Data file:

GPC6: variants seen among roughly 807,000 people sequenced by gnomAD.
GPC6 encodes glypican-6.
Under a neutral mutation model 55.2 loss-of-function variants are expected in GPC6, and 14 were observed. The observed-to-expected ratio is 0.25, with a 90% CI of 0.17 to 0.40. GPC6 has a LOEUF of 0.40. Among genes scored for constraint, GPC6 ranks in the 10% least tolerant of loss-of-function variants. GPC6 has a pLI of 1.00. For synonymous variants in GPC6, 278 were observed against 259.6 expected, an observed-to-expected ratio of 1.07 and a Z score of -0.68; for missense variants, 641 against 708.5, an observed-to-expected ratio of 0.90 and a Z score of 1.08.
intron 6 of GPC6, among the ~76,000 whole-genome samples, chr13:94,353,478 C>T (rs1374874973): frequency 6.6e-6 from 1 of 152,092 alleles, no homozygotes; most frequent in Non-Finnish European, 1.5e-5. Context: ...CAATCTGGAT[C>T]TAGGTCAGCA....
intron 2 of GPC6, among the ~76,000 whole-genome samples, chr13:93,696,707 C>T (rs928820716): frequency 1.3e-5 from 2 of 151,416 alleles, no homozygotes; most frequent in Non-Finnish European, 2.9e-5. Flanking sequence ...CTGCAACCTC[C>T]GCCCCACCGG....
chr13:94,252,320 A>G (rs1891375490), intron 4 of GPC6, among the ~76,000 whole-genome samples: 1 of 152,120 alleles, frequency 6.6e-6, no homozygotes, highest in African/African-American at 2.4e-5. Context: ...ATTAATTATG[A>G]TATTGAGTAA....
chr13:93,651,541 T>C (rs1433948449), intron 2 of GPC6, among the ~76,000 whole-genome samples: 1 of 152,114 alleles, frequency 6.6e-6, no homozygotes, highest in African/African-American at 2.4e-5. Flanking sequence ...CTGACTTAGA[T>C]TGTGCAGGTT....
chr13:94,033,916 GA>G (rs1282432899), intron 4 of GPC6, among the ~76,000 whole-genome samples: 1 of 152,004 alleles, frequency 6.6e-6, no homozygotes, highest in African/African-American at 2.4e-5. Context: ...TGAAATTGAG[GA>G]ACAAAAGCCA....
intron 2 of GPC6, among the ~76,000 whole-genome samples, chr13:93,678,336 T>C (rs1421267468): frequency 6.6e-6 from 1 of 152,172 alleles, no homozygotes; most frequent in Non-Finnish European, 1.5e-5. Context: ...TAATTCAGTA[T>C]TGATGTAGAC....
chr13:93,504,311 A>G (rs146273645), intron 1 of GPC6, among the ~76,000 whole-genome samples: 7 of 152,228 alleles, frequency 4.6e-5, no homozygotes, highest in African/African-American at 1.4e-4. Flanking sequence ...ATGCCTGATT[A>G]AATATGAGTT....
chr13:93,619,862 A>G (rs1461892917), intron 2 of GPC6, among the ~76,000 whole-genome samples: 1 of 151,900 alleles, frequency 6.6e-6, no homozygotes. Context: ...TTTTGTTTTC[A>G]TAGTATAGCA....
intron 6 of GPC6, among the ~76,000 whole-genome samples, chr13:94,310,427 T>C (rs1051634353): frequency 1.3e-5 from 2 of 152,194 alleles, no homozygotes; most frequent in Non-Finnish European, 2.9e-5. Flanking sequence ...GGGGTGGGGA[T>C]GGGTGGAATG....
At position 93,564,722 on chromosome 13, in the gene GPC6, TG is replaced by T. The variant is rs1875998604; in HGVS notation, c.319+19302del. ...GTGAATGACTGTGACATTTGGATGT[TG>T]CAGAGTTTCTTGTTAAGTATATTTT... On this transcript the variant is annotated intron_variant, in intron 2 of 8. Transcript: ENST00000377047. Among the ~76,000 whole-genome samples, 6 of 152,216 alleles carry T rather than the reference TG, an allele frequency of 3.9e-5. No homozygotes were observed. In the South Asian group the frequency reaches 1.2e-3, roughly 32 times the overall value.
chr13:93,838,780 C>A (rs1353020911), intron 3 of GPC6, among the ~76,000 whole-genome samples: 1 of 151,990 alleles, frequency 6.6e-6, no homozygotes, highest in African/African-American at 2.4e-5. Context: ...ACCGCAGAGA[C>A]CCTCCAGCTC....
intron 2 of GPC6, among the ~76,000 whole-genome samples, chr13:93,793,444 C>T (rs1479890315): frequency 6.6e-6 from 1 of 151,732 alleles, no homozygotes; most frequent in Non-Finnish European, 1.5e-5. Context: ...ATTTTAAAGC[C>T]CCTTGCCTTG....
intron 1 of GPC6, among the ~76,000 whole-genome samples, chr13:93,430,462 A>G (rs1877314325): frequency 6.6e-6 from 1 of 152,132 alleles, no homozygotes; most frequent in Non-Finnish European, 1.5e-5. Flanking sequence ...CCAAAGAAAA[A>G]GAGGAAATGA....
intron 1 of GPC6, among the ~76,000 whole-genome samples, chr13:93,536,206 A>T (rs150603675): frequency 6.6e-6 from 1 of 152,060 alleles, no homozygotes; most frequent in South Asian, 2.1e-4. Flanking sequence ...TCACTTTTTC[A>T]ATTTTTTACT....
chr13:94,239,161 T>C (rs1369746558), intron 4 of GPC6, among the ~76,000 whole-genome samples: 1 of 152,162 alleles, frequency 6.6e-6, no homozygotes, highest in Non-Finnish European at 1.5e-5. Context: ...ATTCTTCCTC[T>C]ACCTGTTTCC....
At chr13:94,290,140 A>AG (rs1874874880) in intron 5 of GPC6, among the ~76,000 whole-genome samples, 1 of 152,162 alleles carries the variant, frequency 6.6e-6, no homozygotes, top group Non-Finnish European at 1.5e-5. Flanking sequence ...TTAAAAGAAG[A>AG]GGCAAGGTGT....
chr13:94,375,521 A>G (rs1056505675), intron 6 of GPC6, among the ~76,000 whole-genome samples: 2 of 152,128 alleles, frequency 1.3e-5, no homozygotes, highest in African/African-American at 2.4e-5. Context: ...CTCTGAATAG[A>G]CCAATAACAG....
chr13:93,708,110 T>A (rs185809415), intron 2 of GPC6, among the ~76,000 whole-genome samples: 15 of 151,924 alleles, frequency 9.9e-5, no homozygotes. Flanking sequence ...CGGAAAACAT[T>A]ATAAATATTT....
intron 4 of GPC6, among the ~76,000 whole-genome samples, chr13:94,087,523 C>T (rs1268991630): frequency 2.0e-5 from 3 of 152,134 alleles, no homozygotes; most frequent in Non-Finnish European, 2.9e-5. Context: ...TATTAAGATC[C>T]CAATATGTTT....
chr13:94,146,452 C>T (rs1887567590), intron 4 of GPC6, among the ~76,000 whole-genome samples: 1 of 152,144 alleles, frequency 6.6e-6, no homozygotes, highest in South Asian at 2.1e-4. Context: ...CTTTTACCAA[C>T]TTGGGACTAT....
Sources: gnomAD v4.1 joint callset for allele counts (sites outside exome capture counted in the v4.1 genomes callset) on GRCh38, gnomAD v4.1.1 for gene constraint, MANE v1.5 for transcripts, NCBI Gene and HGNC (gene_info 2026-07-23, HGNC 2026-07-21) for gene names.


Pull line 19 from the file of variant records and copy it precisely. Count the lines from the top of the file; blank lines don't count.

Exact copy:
At chr13:94,290,140 A>AG (rs1874874880) in intron 5 of GPC6, among the ~76,000 whole-genome samples, 1 of 152,162 alleles carries the variant, frequency 6.6e-6, no homozygotes, top group Non-Finnish European at 1.5e-5. Flanking sequence ...TTAAAAGAAG[A>AG]GGCAAGGTGT....